Notes on Linguistics

General Language

Language Quotes

18/11/09 Field Trip (Rotherham to Sheffield)

What did De Landa teach us?


A cultural idea transmitted from one person to another through imitatable phenomena (eg. speech)


Behavioural constraints

• Language – Splits into Spoken and Written Language

- referred to as ‘vulgar’
- replicated with variations continually – which then generates a new structure
-minor language

- at the top of the hierarchy – ‘superior’
- ‘frozen body of norms’
- ‘sterile’
- ‘incapable of giving birth to new languages’ – pg. 187
- superior does not translate to ‘linguistic productivity’
- complete – so therefore becomes redundant
- linguistic engineering
- standards - formal
-major language

‘The development of written forms of the various vernaculars, in turn, acted as a conservative pressure on urban dialects, reducing variation and hence slowing down their evolution.’ Pg 189

‘The very existence of a writing system exerts a homogenising influence on a language and acts as a brake on linguistic change.’ Pg. 208

‘Given that non standard speakers show a greater creativity in the coining of new words and syntactical constructions, the contact between standard and non standard speakers prevented standard languages from becoming ‘dead tongues’.’ Pg. 246

- By standardising the formal language, the vernacular could triumph over it.

• Dialect continuum – constantly evolving and changing in a horizontal manner
- At what point do ‘diverging dialects’ become different languages? Pg 188

• Not all languages are defined by a name, not all groups of people have ‘linguistic self awareness’ – pg 188
- A language appears to need a level of stability in order for it to be nameable – still have variation though.

• ‘Closed Networks’

– these are high density groups of people that live with minimal interaction with other more ‘socially mobile’ groups that surround them.
- These still exist in working class and ethnic communities in modern cities. Pg 192

‘Density itself allows a network to impose a normative consensus on its members.’ pg 192

- This is how local dialects survive despite the pressures of an institutional standard, and why…

‘Language communicates information not only about the world but also about the group memberships of its human users.’ Pg 184

-shows solitary and loyalty to a group

‘Large cities contributed not only to a defocusing of the norms but also to the creation of new closed networks and hence, new focused ethnic variants.’ Pg 212

-but language can also be stigmatised

• Masses vs. the Elite.

- languages part of a hierarchy
- At the top the standardised language of the elite, at the bottom the constantly evolving dialects of the masses.
- Major languages – those rising to the top of the hierarchy – written?
- Minor languages – ‘forming a meshwork of dialects.’ – spoken?

‘The more a language has or acquires the characteristics of a ‘major language’, the more it is affected by continuous variations that transpose it into a ‘minor language’…’pg. 198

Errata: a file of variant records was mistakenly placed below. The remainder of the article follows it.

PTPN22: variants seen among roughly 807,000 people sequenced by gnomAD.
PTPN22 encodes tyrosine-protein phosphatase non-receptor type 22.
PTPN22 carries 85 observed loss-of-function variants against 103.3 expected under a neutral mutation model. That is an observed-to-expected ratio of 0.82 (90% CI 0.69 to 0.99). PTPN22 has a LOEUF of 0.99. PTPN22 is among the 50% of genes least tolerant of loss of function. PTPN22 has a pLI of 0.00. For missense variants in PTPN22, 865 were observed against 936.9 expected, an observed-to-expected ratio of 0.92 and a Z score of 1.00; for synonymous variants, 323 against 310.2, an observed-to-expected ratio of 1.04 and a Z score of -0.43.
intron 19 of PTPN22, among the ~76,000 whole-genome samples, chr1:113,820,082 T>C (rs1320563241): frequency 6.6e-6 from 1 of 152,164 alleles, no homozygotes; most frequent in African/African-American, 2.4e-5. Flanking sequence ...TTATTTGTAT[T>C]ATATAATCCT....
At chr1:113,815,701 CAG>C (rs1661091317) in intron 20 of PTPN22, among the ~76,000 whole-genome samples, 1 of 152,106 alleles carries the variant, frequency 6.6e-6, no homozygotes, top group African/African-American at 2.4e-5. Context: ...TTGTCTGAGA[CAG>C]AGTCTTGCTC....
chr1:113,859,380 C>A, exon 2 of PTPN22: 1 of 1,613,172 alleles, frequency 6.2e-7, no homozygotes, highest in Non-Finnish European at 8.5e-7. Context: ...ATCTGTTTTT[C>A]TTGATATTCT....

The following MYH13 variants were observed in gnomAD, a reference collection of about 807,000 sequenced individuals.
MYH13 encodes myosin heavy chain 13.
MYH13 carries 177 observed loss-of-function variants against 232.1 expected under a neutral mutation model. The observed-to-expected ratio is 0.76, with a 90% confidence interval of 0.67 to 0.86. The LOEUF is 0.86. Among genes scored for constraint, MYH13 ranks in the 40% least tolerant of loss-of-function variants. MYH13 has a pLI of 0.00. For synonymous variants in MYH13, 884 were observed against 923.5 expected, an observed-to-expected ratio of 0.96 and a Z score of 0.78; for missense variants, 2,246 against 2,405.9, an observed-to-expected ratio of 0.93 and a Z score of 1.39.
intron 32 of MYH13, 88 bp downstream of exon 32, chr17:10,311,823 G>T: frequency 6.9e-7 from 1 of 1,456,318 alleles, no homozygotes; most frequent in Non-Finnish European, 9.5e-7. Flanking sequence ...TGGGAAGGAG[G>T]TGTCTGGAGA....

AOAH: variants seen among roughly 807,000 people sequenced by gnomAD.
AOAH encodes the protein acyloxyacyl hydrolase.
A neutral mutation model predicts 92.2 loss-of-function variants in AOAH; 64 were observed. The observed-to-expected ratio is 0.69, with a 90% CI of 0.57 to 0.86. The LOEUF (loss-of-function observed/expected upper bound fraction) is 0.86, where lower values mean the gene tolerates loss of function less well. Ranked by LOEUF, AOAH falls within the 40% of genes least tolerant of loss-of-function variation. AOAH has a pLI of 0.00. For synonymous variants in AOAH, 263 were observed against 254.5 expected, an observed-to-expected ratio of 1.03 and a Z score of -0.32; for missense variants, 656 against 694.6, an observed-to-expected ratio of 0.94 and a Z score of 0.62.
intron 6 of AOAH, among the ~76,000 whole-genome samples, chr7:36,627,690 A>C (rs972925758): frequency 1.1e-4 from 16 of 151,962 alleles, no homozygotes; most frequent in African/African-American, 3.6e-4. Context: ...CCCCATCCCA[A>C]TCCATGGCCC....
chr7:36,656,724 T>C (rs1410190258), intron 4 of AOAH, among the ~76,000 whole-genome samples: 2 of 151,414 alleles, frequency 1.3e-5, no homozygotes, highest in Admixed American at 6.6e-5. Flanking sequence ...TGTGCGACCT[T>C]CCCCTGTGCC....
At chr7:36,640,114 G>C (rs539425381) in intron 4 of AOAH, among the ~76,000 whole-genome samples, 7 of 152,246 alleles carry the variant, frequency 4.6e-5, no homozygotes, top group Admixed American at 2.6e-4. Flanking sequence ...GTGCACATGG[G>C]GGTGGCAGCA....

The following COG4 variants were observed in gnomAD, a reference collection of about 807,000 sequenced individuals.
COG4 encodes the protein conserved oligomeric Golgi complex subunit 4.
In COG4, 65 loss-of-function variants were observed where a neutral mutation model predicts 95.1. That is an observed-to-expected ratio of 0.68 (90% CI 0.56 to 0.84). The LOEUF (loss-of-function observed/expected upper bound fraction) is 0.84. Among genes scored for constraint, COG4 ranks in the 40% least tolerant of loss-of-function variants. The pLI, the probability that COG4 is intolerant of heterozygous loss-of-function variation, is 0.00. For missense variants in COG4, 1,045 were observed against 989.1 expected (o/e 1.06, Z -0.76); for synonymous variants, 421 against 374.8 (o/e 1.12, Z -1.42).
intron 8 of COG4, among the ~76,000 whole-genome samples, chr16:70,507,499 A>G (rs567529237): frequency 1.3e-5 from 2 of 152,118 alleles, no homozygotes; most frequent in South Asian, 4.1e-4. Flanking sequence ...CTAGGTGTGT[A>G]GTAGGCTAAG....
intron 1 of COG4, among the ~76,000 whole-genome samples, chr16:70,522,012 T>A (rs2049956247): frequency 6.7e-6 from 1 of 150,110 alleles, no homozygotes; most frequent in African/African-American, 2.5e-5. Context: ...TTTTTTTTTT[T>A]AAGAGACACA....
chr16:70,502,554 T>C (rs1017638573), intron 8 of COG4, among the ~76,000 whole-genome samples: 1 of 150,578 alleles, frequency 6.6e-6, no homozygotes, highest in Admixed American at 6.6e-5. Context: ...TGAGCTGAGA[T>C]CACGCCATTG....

‘The source of linguistic change is not the idiosyncratic habits of an individual but the variant pattern shared by a group and used to communicate with other groups.’ Pg. 193

‘While prestige determines the relative position of a dialect in a hierarchy, and hence its short term destiny, the sheer weight of numbers decides its ultimate fate.’ Pg. 201

- Written text cannot complete with spoken vernaculars.
- Minority languages continue to thrive alongside the standards.

‘Hierarchical structure superimposed on the meshwork of dialects.’ pg. 207

• Control of the Dialects. Control of the people. Power.

- 'Unification and uniformation' of language.

‘Dialectal variation came to be seen not as a question of inferior rationality relative to the standards, but as a problem of the state: an obstacle to unification and national consolidation, a potential source of local resistance to integration into the larger social body.’ Pg. 220

‘A national language was felt necessary because only through linguistic unity could the emerging elites mobilise the masses for peace and for war.’ Pg. 231

‘Uniform means of communication was needed to transmit the new political ideals.’ Pg. 231

- Standardisation of language leads to efficiency – in business and global terms.

• Barriers that recreate isolated pockets of replicators:

1 distance and geographic inaccessibility
2 emotional – loyalty to local variant
3 Mechanical – hard to pronounce foreign words
4 Conceptual – no word that translates

• Newspapers

• Education

‘Universal schooling, colonialism, and early mass media, while extending the reach of the standard, also bought it into contact with other languages, codes, or registers, ensuring that it would be re-injected with heterogeneous elements and set into variation again.’ Pg. 246

• Internet

‘the many to many delivery system’ pg. 252

‘a largely self organised meshwork of computers which formed over the past two decades’ pg. 252

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